On Ambitious Schedules and Getting the Job Done

justin-trudeau-cbc.jpgI'm hearing a lot of people rag on the fact that Justin Trudeau has acknowledged that his plan to settle 25,000 Syrian refugees by year's end is too ambitious, and that number will be reached by February instead. He's getting a surprising amount of heat for it, with some calling it "his first broken promise", with the clear implication that they expect it to be the first of many.

Cynically speaking, there's probably nothing false about that statement. Show me a politician that didn't break a single promise, and I'll show you a politician that did not run on a discernable platform.

I admit I am disappointed that we won't be able to help 25,000 people by the end of the year. I'll also admit that, three weeks ago, I looked at the calendar and wondered if Trudeau's commitment was achievable. But people with axes to grind jumped all over that worry, blowing security concerns out of proportion, in some cases denegrating desperate and innocent people, and building a narrative that Trudeau was attempting the impossible. Now that it has been acknowledged that the December 31st deadline is indeed impossible, it seems a little disingenuous for some to keep ragging on him for admitting what they thought to be obvious, unless people are starved for saying "I told you so, nyah!" to a Liberal government.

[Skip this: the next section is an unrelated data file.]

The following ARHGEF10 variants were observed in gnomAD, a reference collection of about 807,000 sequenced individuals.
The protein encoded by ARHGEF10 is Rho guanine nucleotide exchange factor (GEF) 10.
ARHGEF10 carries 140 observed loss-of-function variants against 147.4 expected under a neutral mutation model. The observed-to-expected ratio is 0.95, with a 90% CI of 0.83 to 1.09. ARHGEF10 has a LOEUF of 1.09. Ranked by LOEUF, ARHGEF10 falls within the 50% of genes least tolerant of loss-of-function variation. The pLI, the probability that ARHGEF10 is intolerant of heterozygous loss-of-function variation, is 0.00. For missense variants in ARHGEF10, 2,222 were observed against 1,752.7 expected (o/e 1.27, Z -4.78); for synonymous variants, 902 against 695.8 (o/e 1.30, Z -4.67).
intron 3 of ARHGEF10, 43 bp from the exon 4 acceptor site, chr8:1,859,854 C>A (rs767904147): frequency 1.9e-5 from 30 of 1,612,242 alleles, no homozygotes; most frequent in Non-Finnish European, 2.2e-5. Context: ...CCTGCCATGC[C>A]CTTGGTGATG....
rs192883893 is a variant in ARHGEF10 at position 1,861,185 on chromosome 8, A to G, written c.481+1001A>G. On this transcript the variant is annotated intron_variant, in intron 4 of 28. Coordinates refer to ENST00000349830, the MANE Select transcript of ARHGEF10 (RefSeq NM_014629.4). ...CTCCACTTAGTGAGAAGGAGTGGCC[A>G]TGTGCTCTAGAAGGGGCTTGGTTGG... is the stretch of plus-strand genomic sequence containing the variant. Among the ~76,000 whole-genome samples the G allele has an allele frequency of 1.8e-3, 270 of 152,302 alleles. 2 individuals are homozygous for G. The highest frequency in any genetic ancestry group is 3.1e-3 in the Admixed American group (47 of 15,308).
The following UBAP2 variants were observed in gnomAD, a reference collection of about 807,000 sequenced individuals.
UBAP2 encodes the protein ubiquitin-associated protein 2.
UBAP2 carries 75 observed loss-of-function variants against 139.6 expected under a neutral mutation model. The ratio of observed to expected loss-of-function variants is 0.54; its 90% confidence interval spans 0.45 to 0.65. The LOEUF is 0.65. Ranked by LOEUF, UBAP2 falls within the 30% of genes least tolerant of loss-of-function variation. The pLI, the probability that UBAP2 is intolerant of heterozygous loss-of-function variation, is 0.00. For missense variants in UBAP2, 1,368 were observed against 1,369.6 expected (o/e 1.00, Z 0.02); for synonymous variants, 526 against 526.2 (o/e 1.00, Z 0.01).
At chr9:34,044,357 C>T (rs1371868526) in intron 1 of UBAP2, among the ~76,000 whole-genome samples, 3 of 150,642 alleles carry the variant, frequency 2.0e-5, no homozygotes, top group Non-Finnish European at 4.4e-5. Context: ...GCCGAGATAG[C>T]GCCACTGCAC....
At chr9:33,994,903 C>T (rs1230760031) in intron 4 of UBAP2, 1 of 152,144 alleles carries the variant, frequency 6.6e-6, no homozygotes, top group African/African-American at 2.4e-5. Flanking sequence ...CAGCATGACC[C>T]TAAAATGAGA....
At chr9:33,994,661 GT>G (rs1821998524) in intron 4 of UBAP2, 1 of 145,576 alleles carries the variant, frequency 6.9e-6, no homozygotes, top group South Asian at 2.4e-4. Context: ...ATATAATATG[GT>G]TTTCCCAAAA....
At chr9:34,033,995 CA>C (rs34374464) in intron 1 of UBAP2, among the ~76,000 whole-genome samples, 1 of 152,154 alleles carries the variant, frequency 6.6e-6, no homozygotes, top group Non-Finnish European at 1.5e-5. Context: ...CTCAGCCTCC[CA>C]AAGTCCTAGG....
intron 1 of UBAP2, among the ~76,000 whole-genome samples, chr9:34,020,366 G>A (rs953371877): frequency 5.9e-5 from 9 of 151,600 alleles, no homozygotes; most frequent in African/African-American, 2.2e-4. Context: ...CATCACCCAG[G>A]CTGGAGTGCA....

And it ignores the bigger human picture: that we will still settle 25,000 people within the next three months. That's not nothing. Sure, Trudeau may have been overly ambitious, but by God, at least he tried to do the right thing. And, at least he is still trying to do the right thing, albeit giving himself eight extra weeks to do it. As broken promises go, it's worlds apart from, say, signing a pledge to not raise taxes, and then imposing health care premiums instead, or promising not to tax income trusts and then doing precisely that.

Moreover, I think Trudeau's ambitious schedule created a sense of urgency that will ultimately help Canada better handle the settlement of 25,000 Syrian refugees. Community groups, charities, church groups, are all gearing up to work. The issue is dominating the news, and making people -- my own family included -- search through their storage bins for old clothes, spare diapers, anything that can help.

Trudeau helped bring that out in Canadians. That sense was not at the fore before the October 19 election. I think the country is the better for it, and broken promise or not, I'll give him credit for it.

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